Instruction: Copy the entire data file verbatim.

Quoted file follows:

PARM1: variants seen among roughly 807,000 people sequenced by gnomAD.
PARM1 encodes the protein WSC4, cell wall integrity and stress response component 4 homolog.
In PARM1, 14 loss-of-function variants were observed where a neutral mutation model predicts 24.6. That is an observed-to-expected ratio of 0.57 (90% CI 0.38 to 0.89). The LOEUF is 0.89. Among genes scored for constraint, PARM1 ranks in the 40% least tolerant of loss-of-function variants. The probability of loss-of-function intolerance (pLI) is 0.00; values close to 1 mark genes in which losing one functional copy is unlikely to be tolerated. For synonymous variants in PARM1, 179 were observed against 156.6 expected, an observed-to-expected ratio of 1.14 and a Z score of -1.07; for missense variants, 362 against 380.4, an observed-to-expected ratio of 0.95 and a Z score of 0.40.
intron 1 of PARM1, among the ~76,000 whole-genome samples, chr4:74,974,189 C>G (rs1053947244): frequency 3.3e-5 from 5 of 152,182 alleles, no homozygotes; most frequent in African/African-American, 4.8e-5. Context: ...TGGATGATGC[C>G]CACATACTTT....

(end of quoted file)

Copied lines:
PARM1: variants seen among roughly 807,000 people sequenced by gnomAD.
PARM1 encodes the protein WSC4, cell wall integrity and stress response component 4 homolog.
In PARM1, 14 loss-of-function variants were observed where a neutral mutation model predicts 24.6. That is an observed-to-expected ratio of 0.57 (90% CI 0.38 to 0.89). The LOEUF is 0.89. Among genes scored for constraint, PARM1 ranks in the 40% least tolerant of loss-of-function variants. The probability of loss-of-function intolerance (pLI) is 0.00; values close to 1 mark genes in which losing one functional copy is unlikely to be tolerated. For synonymous variants in PARM1, 179 were observed against 156.6 expected, an observed-to-expected ratio of 1.14 and a Z score of -1.07; for missense variants, 362 against 380.4, an observed-to-expected ratio of 0.95 and a Z score of 0.40.
intron 1 of PARM1, among the ~76,000 whole-genome samples, chr4:74,974,189 C>G (rs1053947244): frequency 3.3e-5 from 5 of 152,182 alleles, no homozygotes; most frequent in African/African-American, 4.8e-5. Context: ...TGGATGATGC[C>G]CACATACTTT....